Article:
[First published on Nathen’s Miraculous Escape, December 24, 2008.]
I do not believe in free will. I am what you might call a free-will agnostic. Hundreds of years of thought and debate have brought us no closer to agreement about whether an individual’s consciousness is capable of true agency. I can understand, though, how the idea that one might not control even one’s own actions is distressing; a perception of control makes stressful situations easier to cope with, while a perceived lack of control, and especially perceived loss of control, make stressful situations more distressing (Sapolsky, 2004). Note that it is our perception, however, not necessarily the reality of control, which is important. As it turns out, our perceptions of control are not reliable. The only situation in which we can be sure about how much control we have is when we demonstrably have no control at all, and in those situations people often still believe they have control.
Psychologists call this phenomenon the illusion of control: The tendency to overestimate how much control one has over an outcome. Participants in an experiment by Tennen and Sharp (1983), for example, believed that they controlled a blinking light about one third of the time, when in fact there was no connection between their button and the light. Even more surprising, experimental participants came to believe that they were good at guessing the outcome of the notoriously random coin toss (Langer & Roth, 1979). All it took were a few successes early on. Ellen Langer, in an early series of experiments (1975), found that the key to producing the illusion of control is the presence of skill cues, like practice, familiarity, choice, competition, and personal involvement. That is, if a task reminds you of a time when you used skill to influence what happened, you are likely to believe you have more control over the outcome of the task than you do. This tendency creates an inaccurate perception of reality which can have serious negative consequences but also may have beneficial effects.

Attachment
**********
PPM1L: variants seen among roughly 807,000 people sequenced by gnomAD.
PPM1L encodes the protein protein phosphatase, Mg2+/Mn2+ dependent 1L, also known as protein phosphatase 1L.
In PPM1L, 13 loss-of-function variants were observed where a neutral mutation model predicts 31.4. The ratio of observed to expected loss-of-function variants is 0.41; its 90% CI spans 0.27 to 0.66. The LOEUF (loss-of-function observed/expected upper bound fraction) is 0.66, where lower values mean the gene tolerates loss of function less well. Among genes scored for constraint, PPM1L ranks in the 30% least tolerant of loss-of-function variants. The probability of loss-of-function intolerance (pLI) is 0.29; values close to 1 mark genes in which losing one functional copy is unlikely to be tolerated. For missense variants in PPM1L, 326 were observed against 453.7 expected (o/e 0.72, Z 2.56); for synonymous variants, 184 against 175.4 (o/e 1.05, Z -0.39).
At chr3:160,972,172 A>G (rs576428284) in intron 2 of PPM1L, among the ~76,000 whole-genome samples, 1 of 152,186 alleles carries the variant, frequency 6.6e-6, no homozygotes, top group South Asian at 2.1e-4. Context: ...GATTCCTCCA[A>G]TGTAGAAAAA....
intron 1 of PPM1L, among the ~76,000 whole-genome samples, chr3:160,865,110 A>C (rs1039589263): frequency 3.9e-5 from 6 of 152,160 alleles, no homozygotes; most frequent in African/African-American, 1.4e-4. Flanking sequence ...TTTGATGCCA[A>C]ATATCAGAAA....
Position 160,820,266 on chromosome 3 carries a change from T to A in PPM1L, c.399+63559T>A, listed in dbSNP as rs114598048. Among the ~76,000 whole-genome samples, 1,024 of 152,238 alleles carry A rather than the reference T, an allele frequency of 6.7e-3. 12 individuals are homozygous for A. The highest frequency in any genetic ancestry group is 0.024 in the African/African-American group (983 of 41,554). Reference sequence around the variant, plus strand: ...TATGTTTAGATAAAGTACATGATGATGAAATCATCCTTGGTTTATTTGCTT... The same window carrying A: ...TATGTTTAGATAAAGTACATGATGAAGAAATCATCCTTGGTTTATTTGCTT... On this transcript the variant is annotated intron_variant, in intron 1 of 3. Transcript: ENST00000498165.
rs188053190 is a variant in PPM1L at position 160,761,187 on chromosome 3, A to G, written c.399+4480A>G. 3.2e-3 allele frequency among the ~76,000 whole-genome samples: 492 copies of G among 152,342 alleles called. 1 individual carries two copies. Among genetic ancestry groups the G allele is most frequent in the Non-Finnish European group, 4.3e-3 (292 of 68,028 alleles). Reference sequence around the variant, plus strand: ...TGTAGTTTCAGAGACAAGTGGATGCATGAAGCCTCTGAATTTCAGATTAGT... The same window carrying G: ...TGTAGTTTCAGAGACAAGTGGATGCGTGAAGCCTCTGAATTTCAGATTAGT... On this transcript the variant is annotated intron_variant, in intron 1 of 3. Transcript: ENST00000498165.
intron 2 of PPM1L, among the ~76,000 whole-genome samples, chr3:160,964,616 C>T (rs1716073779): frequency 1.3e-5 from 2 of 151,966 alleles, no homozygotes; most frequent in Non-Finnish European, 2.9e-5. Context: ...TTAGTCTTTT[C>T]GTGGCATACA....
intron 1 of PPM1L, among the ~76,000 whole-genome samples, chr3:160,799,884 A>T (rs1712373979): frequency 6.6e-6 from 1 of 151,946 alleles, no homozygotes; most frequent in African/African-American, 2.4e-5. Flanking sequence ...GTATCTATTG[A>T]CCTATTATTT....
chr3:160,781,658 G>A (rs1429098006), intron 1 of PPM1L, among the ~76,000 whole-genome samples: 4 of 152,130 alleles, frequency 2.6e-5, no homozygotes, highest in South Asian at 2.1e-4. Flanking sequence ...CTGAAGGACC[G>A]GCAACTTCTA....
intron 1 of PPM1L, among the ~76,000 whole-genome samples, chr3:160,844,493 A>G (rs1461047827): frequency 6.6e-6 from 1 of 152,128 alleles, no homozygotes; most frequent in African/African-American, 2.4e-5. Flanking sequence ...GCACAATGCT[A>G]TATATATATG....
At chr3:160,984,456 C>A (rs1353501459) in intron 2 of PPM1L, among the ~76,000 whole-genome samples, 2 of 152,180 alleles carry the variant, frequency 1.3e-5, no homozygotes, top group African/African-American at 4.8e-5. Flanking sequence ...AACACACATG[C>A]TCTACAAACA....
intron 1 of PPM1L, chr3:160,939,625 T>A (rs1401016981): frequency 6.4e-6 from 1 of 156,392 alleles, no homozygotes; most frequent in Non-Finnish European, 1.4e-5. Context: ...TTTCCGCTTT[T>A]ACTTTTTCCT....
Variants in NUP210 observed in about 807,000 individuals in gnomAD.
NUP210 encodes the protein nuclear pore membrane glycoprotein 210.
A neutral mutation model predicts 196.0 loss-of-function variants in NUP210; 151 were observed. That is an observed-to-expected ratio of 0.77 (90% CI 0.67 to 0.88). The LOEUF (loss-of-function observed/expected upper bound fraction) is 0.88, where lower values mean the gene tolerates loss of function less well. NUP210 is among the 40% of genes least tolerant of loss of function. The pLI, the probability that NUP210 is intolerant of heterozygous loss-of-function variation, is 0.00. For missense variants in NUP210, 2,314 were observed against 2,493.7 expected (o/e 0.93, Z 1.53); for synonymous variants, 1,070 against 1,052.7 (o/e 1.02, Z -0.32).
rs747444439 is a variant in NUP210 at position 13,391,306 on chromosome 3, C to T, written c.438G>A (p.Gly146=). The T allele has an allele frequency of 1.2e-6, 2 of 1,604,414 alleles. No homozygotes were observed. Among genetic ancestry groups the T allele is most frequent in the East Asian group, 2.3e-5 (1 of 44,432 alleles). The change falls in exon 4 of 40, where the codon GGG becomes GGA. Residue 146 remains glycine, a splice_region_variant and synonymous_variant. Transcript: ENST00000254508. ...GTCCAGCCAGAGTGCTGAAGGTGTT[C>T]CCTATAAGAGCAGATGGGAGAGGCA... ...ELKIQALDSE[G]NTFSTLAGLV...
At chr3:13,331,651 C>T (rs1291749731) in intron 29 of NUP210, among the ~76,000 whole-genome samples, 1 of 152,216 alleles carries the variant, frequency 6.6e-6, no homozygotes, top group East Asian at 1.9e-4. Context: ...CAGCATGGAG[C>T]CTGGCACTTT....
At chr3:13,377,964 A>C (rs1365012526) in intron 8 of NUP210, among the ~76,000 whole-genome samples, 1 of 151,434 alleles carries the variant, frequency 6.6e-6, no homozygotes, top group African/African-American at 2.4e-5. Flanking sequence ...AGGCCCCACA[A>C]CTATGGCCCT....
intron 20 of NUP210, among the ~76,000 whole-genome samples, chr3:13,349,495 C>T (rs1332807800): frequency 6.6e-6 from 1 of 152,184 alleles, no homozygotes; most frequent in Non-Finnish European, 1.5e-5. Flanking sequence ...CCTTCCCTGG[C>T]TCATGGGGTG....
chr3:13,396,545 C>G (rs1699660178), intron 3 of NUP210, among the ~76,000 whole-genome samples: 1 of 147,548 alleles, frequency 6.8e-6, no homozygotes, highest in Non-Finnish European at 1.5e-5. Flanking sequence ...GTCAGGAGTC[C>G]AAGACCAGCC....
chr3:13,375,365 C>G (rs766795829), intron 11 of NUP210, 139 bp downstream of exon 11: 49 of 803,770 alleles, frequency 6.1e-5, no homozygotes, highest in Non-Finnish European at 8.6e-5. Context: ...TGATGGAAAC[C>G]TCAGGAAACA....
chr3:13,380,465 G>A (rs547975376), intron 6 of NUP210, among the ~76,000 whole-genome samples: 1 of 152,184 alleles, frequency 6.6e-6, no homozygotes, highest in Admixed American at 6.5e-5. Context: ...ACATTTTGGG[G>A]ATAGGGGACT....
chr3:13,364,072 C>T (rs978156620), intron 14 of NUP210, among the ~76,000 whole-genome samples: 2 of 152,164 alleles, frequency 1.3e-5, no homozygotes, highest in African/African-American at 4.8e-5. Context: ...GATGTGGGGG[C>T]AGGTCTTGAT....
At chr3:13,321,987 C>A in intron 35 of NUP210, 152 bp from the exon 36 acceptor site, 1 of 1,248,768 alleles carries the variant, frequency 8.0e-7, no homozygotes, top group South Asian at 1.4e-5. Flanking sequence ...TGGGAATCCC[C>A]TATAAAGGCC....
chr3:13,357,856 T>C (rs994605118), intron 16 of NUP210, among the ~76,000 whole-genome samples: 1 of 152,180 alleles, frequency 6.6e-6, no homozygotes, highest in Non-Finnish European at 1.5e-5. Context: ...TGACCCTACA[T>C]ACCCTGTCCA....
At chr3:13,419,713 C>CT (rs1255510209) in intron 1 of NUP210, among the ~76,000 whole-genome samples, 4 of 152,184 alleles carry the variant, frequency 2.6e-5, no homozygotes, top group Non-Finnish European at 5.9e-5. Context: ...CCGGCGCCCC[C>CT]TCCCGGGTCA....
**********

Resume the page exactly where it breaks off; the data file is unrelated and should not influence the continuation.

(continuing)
The desire to be accurate in our perceptions and judgments is a basic human motivation, among psychological motivations second only to our need for self-esteem (Aronson, Wilkert, & Akert, 2007). This desire serves us well, especially in cases when a discovery of error on our part tempts us to distort reality to save our self-esteem; it would be much more difficult to learn from our mistakes if we were never compelled to admit them. In the case of the illusion of control, however, the mistaken belief in control will often not even come to our awareness. Usually there is no experimenter at the end of our task, gently debriefing us on how our button is not connected to the light. There are cases when the mistaken belief in control is benign enough—the experimental participants thinking they controlled a light were not hurting themselves or others, nor does a basketball player, swaying to the left, trying to move his shot toward the basket—but there are situations where having an inaccurate sense of control can be unfortunate.